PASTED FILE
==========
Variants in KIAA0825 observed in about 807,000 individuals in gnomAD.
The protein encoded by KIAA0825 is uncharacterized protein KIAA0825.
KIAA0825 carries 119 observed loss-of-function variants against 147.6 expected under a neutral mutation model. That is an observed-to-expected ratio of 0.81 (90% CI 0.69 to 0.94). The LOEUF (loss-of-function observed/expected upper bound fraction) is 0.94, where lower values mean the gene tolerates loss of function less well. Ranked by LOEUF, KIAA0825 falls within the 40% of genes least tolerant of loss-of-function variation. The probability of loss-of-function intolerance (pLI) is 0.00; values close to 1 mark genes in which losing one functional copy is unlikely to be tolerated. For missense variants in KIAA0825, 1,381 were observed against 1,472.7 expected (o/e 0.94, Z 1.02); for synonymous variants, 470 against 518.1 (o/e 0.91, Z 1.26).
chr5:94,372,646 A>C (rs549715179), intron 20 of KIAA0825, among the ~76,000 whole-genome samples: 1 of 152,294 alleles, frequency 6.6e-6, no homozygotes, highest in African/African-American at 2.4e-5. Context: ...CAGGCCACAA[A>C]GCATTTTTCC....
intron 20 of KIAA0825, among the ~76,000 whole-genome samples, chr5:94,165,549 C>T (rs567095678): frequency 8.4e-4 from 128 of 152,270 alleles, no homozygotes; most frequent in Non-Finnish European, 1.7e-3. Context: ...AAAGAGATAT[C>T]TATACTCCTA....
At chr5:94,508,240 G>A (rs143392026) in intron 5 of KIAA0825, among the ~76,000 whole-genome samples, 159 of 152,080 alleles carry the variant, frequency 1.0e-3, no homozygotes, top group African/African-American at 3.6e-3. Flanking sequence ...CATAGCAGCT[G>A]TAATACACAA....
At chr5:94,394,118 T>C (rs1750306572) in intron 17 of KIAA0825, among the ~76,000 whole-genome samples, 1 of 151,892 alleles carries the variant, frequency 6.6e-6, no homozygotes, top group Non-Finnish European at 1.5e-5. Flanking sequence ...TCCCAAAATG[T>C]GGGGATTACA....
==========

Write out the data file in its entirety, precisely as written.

Variants in KIAA0825 observed in about 807,000 individuals in gnomAD.
The protein encoded by KIAA0825 is uncharacterized protein KIAA0825.
KIAA0825 carries 119 observed loss-of-function variants against 147.6 expected under a neutral mutation model. That is an observed-to-expected ratio of 0.81 (90% CI 0.69 to 0.94). The LOEUF (loss-of-function observed/expected upper bound fraction) is 0.94, where lower values mean the gene tolerates loss of function less well. Ranked by LOEUF, KIAA0825 falls within the 40% of genes least tolerant of loss-of-function variation. The probability of loss-of-function intolerance (pLI) is 0.00; values close to 1 mark genes in which losing one functional copy is unlikely to be tolerated. For missense variants in KIAA0825, 1,381 were observed against 1,472.7 expected (o/e 0.94, Z 1.02); for synonymous variants, 470 against 518.1 (o/e 0.91, Z 1.26).
chr5:94,372,646 A>C (rs549715179), intron 20 of KIAA0825, among the ~76,000 whole-genome samples: 1 of 152,294 alleles, frequency 6.6e-6, no homozygotes, highest in African/African-American at 2.4e-5. Context: ...CAGGCCACAA[A>C]GCATTTTTCC....
intron 20 of KIAA0825, among the ~76,000 whole-genome samples, chr5:94,165,549 C>T (rs567095678): frequency 8.4e-4 from 128 of 152,270 alleles, no homozygotes; most frequent in Non-Finnish European, 1.7e-3. Context: ...AAAGAGATAT[C>T]TATACTCCTA....
At chr5:94,508,240 G>A (rs143392026) in intron 5 of KIAA0825, among the ~76,000 whole-genome samples, 159 of 152,080 alleles carry the variant, frequency 1.0e-3, no homozygotes, top group African/African-American at 3.6e-3. Flanking sequence ...CATAGCAGCT[G>A]TAATACACAA....
At chr5:94,394,118 T>C (rs1750306572) in intron 17 of KIAA0825, among the ~76,000 whole-genome samples, 1 of 151,892 alleles carries the variant, frequency 6.6e-6, no homozygotes, top group Non-Finnish European at 1.5e-5. Flanking sequence ...TCCCAAAATG[T>C]GGGGATTACA....